Why self-directed investors should hate A class fund fees - MoneySense

Why self-directed investors should hate A class fund fees

Class action lawsuit signals investor resolve to end trailing mutual fund commissions for online brokers



A class action law suit filed recently against TD Asset Management serves as a reminder to all investors to be vigilant regarding costs. The claim relates to the industry practice of selling high-cost mutual funds through online discount brokers. It’s important to note that while this action targets TD, the issue is industry wide.

Mutual funds come in different “classes”, the most expensive of which are called “advisor class” or “A class” funds because they incorporate a fee for advice. The legal action against TD arises from the fact that billions of dollars of these high-fee, A class funds are sold through online discount brokers which do not, and by regulation cannot, provide investment advice. These A class funds are often offered side by side with “discount class” or “D class” versions of the same fund which produce higher returns because the advice portion of the fee has been stripped away.

READ:  About $195 million is going to discount brokers, instead of you and me

Many investors make the mistake of buying more expensive, lower return A class funds through discount brokers. Perhaps they assume that, as discount broker clients, they will always be provided with lower-cost products. There are exceptions, but with most discount brokers, this is not the case when it comes to mutual funds.

What is the potential impact of this practice on an average investor? Let’s consider an investor putting $2,500 into the TD Dividend Growth mutual fund each year for 20 years.

If we assume the average annual compound return of the TD Dividend Growth Fund over the next 20 years will be 6% before fees, the investments within the fund would grow to $97,482. If you purchase a D class version of the fund, you would be left with $84,922 after the cumulative deduction of the 1.19% annual fees (MER) whereas an investor purchasing the A class version of the same fund with a MER of 2.02% would end up with only $77,248.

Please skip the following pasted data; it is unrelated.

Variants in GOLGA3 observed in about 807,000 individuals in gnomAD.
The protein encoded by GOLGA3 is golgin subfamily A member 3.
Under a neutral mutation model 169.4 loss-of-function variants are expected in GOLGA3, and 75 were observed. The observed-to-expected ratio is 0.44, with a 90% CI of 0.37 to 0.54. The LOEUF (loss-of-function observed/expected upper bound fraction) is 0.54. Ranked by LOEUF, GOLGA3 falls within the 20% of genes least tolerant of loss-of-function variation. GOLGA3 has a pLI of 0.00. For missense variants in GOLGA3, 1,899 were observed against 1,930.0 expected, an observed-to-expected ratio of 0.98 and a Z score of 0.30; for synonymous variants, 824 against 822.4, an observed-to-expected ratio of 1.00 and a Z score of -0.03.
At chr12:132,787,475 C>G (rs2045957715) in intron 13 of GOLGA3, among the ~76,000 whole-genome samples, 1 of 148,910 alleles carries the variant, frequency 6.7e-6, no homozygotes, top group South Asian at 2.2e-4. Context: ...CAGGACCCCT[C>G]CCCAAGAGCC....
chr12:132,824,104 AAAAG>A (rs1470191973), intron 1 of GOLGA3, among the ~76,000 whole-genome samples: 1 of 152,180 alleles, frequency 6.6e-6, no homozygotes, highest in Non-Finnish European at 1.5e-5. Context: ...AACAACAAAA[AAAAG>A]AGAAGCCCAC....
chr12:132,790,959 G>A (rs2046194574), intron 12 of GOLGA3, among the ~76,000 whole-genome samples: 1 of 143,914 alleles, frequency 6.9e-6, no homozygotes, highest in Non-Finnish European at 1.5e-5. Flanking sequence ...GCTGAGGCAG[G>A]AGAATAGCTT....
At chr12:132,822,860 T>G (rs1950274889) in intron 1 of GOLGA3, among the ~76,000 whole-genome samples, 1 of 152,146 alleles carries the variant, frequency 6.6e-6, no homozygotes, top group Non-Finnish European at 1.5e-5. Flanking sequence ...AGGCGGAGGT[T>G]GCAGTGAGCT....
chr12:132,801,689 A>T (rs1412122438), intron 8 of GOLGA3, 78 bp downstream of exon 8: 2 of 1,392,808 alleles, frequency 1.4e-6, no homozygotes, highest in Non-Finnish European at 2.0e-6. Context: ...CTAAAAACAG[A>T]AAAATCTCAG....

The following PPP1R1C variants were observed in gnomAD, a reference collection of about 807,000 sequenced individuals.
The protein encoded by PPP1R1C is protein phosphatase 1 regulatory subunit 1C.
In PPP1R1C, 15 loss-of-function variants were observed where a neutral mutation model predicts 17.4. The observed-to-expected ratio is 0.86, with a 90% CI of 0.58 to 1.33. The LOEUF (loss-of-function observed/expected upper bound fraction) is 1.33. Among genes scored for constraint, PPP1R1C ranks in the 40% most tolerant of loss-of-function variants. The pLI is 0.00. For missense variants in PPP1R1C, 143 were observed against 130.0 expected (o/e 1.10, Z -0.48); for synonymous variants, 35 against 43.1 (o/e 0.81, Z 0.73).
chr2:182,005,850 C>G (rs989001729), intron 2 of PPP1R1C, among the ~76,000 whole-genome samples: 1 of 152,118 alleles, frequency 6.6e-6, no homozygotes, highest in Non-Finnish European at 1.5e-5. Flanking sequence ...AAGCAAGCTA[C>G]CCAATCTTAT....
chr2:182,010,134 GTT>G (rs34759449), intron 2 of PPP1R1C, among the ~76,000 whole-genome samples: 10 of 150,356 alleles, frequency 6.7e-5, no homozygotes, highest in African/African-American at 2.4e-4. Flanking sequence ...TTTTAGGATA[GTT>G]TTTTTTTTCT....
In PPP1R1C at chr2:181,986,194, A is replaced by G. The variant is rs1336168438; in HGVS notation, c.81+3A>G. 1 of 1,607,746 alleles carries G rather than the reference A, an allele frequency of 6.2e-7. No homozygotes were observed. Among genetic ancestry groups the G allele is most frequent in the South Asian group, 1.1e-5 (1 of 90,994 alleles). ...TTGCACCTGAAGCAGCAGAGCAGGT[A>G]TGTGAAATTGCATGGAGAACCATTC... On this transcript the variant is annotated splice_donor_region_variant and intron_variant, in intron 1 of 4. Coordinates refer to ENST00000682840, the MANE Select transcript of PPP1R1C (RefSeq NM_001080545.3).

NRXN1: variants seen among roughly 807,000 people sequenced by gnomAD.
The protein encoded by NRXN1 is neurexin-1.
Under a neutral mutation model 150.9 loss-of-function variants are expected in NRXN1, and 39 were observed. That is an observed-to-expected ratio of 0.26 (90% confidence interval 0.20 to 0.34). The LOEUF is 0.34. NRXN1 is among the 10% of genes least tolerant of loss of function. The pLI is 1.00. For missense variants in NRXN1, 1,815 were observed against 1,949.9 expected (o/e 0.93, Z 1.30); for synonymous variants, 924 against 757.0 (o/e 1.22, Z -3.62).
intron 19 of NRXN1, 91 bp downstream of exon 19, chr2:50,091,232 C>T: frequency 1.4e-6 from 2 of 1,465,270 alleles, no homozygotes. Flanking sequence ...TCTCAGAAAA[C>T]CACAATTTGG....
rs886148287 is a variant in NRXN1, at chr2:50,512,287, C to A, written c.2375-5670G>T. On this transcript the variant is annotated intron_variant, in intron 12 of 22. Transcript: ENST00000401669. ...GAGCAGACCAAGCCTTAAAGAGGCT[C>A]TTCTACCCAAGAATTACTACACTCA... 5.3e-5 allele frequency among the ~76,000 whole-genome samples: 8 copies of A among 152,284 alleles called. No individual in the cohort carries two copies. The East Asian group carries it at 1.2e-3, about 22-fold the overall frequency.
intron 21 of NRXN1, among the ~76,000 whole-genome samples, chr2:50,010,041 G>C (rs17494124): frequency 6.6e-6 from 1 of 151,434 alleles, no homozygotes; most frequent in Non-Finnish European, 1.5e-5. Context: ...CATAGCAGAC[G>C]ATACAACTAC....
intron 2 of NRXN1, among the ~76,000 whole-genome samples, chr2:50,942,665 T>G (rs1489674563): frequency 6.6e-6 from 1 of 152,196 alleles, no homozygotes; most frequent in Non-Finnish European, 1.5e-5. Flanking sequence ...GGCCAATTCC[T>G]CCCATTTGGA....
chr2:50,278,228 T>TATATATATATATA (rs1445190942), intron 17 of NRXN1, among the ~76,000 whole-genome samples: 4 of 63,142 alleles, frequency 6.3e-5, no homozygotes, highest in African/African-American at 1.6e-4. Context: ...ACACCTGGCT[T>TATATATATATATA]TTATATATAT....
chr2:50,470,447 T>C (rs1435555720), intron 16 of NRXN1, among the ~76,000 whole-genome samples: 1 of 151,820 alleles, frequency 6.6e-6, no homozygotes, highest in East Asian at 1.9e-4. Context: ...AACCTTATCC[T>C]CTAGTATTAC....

READ: How mutual fund fees work

In this example, the D class investor retains 74% of the total gains of the fund while the A class investor retains just 57% of the total gain, with the balance lost in fees.

For many years, investor advocates have been calling for the practice of selling A class funds through discount brokers to be banned. While regulators have expressed their distaste for the practice, no concrete action has been taken to protect investors. Until the regulators or the courts act, investors must protect themselves. If you choose to buy mutual funds through an online discount brokerage, make sure you buy lower cost D class funds and keep more of your investment returns for yourself!

Of course, index ETFs are an obvious, much lower cost alternative to mutual funds for online discount brokerage investors. Let’s again look to TD for an example. Assuming a similar 6% average annual compound return and $10 commission costs on each annual purchase, the TD S&P/TSX Capped Composite Index ETF with a MER of 0.08% would generate a total value of $96,188 after 20 years ($50,000 invested and $46,188 gained – 97% of gain retained).

READ: Are fund fees worth 35 times the amount you pay to DIY?

How will the TD ETF actually perform against the TD mutual fund? We can’t be sure but a comparison of top holdings gives us a clue. The majority of both funds are invested in a small number of prominent Canadian stocks. In fact, as of December 31, 2017, the 9 of the top 10 stocks in both funds are identical. They are the big five banks, Enbridge, CN Rail, Suncor and TransCanada.  If this similarity continues we could guess that returns might also be similar before fees and that the outcomes are highly likely to favour the lower-cost index fund after fees.

Regardless of whether investors choose online discount brokers or traditional advisors, the lessons are simple:

  1. Know exactly how much you are paying in fees
  2. Understand the long-term impact of fees
  3. Make sure the services you receive are worth the price you pay now and over time